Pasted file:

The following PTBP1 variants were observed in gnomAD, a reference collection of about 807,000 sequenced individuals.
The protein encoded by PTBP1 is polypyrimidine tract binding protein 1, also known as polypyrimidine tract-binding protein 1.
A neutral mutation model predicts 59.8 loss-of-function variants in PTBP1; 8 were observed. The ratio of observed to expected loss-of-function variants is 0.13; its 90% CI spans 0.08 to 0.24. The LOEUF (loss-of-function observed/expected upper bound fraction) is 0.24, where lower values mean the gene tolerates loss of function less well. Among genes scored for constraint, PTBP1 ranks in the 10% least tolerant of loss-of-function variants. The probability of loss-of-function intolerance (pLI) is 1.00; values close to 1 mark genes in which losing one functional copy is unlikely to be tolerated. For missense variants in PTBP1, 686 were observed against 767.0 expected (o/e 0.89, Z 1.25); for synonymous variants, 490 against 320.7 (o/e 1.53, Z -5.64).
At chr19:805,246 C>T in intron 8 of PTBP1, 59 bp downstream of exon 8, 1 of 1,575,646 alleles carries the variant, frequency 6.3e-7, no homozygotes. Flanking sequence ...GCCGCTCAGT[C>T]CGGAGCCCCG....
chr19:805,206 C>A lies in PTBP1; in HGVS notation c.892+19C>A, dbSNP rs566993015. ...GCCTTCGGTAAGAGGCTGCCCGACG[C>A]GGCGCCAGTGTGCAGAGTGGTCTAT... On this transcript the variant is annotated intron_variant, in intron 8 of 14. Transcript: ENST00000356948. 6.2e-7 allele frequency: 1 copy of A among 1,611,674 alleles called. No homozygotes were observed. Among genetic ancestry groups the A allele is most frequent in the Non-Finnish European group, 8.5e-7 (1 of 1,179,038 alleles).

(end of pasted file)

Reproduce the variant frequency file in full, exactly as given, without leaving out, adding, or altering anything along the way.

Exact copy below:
The following PTBP1 variants were observed in gnomAD, a reference collection of about 807,000 sequenced individuals.
The protein encoded by PTBP1 is polypyrimidine tract binding protein 1, also known as polypyrimidine tract-binding protein 1.
A neutral mutation model predicts 59.8 loss-of-function variants in PTBP1; 8 were observed. The ratio of observed to expected loss-of-function variants is 0.13; its 90% CI spans 0.08 to 0.24. The LOEUF (loss-of-function observed/expected upper bound fraction) is 0.24, where lower values mean the gene tolerates loss of function less well. Among genes scored for constraint, PTBP1 ranks in the 10% least tolerant of loss-of-function variants. The probability of loss-of-function intolerance (pLI) is 1.00; values close to 1 mark genes in which losing one functional copy is unlikely to be tolerated. For missense variants in PTBP1, 686 were observed against 767.0 expected (o/e 0.89, Z 1.25); for synonymous variants, 490 against 320.7 (o/e 1.53, Z -5.64).
At chr19:805,246 C>T in intron 8 of PTBP1, 59 bp downstream of exon 8, 1 of 1,575,646 alleles carries the variant, frequency 6.3e-7, no homozygotes. Flanking sequence ...GCCGCTCAGT[C>T]CGGAGCCCCG....
chr19:805,206 C>A lies in PTBP1; in HGVS notation c.892+19C>A, dbSNP rs566993015. ...GCCTTCGGTAAGAGGCTGCCCGACG[C>A]GGCGCCAGTGTGCAGAGTGGTCTAT... On this transcript the variant is annotated intron_variant, in intron 8 of 14. Transcript: ENST00000356948. 6.2e-7 allele frequency: 1 copy of A among 1,611,674 alleles called. No homozygotes were observed. Among genetic ancestry groups the A allele is most frequent in the Non-Finnish European group, 8.5e-7 (1 of 1,179,038 alleles).